#Hubble30 For its 30th anniversary, Hubble presents a colorful scene nicknamed the "Cosmic Reef." These two nebulas, NGC 2014 in red & NGC 2020 in blue, are part of a vast star-forming region in a nearby galaxy & are illuminated by young, massive stars: https://t.co/tWW42JAu3w pic.twitter.com/rdmCUS9ZMH
— Hubble (@NASAHubble) April 24, 2020
[ThTh3] This week, a video circulated from two urgent care doctors claiming that the COVID crisis is massively overblown. The indispensable Orac dispatches them with ease. Their argument is that since 6% of the people who came into their clinic tested positive for COVID, that must mean that 6% of the population is infected and therefore the fatality rate is 0.02%, a fraction of that for the flu.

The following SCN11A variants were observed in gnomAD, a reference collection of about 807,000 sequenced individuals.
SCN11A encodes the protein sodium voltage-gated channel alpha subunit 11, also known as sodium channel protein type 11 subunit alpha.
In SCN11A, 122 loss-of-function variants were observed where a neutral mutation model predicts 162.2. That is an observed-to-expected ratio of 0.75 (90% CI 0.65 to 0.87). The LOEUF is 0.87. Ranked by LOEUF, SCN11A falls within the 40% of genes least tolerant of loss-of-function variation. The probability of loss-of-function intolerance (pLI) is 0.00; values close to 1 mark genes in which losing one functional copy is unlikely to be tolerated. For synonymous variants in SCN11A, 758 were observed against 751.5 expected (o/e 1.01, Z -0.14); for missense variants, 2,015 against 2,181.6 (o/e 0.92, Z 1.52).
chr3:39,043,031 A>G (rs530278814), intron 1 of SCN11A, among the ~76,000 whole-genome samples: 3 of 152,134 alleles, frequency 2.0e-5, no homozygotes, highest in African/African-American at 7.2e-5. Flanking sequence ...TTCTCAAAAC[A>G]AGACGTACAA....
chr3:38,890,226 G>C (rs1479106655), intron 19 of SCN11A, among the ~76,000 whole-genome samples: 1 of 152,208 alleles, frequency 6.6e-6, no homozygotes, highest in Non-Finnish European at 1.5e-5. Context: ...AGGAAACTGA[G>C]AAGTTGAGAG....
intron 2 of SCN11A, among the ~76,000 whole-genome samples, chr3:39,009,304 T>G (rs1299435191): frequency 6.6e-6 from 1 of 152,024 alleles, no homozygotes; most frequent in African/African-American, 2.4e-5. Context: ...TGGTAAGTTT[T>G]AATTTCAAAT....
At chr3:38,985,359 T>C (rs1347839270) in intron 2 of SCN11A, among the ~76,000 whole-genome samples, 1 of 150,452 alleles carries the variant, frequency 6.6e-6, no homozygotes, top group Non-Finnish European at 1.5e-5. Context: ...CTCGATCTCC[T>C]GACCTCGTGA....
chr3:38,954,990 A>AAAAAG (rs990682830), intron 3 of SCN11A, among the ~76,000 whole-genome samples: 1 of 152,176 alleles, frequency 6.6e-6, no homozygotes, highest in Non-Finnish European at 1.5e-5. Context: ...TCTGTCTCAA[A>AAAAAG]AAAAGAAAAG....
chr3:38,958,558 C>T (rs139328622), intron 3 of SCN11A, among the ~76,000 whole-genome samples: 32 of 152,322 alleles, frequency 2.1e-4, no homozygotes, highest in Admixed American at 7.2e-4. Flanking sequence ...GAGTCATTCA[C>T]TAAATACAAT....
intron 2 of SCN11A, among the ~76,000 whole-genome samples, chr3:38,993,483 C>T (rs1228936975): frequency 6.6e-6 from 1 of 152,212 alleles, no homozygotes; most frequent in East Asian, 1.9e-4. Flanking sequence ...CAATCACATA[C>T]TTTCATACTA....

This is jaw-droppingly stupid. People come into a clinic because … they’re sick. They specifically came into this urgent care clinic because it advertised that it could do COVID testing. So unless they were abducting random people off the street to test them for Coronavirus, their sample is not representative. More to the point, if you take the number of people who have already died3, a 0.02% CFR would imply that of NYC’s 8 million people, 60 million have been infected. Of the 60 million people in Italy, 135 million have been infected.
It’s hard to believe something this obviously stupid would get such play. But .. that’s the Age of Humbug for you.
[ThTh4] The technology used in farming is astonishing. This looks like a setup we might use to run a spacecraft.
Here’s what I’m doing inside the cab!! pic.twitter.com/IKnbwbEi0d